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Joe Biden said he believed Vladimir Putin made the decision to invade Ukraine and target its capital, Kyiv, in what he said would be a “catastrophic and unnecessary war of choice”. But the US president insisted that until the attack begins, “diplomacy is always a possibility”.

Biden spoke to the press Friday night after consulting with European and Canadian allies, on a day of rapid events in and around Ukraine that have brought her closer to the brink of conflict.

Satellite imagery showed new Russian military movements, with helicopters and tanks closing in on the border at several sites around the Ukrainian border.

Leaders of the breakaway Russian-backed regions of Luhansk and Donetsk claimed to be under Ukrainian attack and ordered the mass evacuation of civilians. A gas pipeline in Lugansk caught fire after explosions on Friday evening. A second explosion hit the town about 40 minutes later. Earlier in the day, a car bomb exploded in a vacant lot in Donetsk.

Biden said the claims of a Ukrainian attack were a fabricated attempt to provide a pretext for an invasion.

“There is simply no evidence for these claims and it defies basic logic to believe that the Ukrainians would choose this moment, with over 150,000 troops deployed on its borders, to escalate a years-long conflict,” he said. he said, adding that the Ukrainians had held their fire.

“Throughout these tense moments, Ukrainian forces have exercised great judgment, and I might add restraint,” Biden said. “They refuse to have the Russians drag them into the war.”

Biden said he had come to the conclusion that the Russian leader was determined to go to war.

“From this point on, I’m confident he made the decision,” he said, explaining his confidence by saying, “We have a significant intelligence capability.”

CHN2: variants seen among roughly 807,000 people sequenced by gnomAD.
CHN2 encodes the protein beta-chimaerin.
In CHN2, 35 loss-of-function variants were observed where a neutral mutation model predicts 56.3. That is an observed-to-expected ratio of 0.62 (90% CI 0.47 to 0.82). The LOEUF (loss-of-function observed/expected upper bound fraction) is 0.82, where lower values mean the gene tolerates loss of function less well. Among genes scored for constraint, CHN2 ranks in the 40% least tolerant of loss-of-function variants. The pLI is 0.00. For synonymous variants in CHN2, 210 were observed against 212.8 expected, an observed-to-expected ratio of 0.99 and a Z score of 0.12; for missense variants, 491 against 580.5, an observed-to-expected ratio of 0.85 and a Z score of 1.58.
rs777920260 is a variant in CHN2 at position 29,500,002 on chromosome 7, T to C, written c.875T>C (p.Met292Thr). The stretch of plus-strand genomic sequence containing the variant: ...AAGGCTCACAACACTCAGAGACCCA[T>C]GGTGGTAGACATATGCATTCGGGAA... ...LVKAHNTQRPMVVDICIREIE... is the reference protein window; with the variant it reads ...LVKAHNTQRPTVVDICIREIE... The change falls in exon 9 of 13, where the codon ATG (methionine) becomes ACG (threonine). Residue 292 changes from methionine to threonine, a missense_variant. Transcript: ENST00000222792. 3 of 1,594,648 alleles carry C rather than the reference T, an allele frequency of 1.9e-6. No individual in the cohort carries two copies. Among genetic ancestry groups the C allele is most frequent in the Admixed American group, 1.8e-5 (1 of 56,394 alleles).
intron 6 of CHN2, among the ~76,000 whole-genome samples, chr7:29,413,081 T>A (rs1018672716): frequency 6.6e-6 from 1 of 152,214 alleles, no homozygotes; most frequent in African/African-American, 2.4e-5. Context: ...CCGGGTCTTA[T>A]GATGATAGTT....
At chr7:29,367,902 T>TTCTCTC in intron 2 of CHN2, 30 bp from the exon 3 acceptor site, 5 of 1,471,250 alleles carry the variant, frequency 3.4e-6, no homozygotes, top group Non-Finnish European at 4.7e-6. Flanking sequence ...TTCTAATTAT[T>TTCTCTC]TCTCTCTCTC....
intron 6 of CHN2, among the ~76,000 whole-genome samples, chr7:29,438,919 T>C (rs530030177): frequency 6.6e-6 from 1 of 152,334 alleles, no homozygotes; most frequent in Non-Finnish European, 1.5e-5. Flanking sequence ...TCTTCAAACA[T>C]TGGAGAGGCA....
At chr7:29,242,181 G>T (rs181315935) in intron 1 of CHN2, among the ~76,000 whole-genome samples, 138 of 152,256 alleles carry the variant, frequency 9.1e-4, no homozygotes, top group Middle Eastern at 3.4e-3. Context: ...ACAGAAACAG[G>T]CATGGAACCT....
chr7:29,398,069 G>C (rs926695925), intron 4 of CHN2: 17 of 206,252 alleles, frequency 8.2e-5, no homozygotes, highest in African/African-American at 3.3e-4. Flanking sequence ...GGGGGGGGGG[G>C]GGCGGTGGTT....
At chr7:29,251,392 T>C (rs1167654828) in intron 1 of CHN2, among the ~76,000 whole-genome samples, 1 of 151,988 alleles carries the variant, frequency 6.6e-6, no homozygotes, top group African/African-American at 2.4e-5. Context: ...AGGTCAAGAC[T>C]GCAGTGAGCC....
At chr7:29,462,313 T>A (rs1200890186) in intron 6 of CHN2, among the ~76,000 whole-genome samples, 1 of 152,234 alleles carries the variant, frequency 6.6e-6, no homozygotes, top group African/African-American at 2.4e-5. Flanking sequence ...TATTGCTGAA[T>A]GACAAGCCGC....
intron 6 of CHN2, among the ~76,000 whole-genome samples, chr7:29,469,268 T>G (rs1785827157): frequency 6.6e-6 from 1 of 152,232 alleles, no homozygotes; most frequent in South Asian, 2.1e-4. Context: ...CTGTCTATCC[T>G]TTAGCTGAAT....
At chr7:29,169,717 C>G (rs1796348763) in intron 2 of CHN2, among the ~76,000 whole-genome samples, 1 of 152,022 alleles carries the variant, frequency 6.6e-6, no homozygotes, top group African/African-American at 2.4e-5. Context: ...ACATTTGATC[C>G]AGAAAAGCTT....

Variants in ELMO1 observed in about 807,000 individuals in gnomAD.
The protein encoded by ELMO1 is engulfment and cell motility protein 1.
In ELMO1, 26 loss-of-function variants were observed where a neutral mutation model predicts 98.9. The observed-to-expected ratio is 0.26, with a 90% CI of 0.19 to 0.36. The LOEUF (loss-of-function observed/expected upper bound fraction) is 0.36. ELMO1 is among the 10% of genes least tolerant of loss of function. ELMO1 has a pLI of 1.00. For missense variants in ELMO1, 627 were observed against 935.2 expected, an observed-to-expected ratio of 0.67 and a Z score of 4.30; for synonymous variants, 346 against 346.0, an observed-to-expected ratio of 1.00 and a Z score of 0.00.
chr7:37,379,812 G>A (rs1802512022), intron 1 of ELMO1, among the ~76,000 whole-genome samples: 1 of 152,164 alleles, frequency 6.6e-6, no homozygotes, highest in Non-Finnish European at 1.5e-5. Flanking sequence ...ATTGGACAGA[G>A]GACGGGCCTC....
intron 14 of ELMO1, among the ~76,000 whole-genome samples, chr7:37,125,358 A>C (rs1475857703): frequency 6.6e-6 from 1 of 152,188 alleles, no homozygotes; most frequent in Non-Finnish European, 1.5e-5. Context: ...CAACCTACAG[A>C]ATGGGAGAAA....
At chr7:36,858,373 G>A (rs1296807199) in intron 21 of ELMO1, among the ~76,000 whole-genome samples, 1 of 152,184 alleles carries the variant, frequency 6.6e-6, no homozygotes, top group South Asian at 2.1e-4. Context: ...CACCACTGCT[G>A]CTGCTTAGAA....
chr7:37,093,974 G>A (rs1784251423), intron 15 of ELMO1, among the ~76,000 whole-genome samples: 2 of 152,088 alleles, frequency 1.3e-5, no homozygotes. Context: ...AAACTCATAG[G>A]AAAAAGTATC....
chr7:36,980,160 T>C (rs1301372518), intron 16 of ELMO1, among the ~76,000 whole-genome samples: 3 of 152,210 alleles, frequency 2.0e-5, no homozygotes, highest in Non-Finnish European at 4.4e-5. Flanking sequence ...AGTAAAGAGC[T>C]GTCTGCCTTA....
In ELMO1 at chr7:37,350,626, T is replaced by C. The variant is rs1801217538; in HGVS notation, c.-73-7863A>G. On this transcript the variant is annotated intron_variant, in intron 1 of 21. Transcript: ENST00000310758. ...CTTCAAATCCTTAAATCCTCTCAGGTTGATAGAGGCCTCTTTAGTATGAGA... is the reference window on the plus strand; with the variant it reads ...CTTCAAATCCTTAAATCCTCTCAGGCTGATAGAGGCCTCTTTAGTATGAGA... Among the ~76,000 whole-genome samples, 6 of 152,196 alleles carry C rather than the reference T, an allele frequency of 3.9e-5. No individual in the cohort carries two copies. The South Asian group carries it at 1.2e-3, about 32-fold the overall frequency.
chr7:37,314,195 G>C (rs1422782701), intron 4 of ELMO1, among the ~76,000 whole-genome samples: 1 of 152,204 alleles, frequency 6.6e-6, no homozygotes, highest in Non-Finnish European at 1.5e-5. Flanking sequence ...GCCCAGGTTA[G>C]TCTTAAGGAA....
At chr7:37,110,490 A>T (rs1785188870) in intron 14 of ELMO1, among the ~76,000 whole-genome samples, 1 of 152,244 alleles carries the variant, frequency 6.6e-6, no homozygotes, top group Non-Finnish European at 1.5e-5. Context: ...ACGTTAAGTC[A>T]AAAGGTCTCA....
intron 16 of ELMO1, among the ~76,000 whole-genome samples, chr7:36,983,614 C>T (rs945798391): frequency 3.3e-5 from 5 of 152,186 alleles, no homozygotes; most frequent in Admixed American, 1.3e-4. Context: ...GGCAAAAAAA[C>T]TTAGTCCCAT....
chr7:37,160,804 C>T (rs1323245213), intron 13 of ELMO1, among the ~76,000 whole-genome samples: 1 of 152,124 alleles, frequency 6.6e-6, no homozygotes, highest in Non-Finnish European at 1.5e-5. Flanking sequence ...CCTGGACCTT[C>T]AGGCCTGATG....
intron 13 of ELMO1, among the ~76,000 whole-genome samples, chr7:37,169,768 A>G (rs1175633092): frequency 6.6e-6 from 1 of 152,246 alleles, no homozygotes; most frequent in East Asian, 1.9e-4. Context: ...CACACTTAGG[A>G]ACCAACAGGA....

But Biden added that until an attack begins, “diplomacy is always a possibility.”

He confirmed that US Secretary of State Antony Blinken was scheduled to speak with his Russian counterpart, Sergei Lavrov, next Thursday, “but if Russia takes military action before then, it will be clear that it has slammed the door to diplomacy”.

“They will have chosen a war and they will pay a high price for it,” Biden said. “Make no mistake, if Russia goes ahead with its plans, it will be responsible for a catastrophic and unnecessary war of choice.”

After evacuation announcements in Donetsk and Luhansk, sirens went off in towns across the region, supposedly to warn of an impending Ukrainian military assault. Journalists and independent observers said there were no signs of a Ukrainian attack. Kiev has denied taking any hostile action and Ukrainian intelligence had previously warned that infrastructure in Russian-backed regions had been mined to provide a pretext for a Russian offensive.

Metadata on video evacuation orders from separatist leaders in Luhansk and Donetsk showed they had been recorded two days earlier.

US officials have increased their estimates of the massed force on the Ukrainian border to 190,000 troops, divided into more than 120 battalion tactical groups, the largest troop mobilization since World War II. US officials said about half of them had moved to attack positions.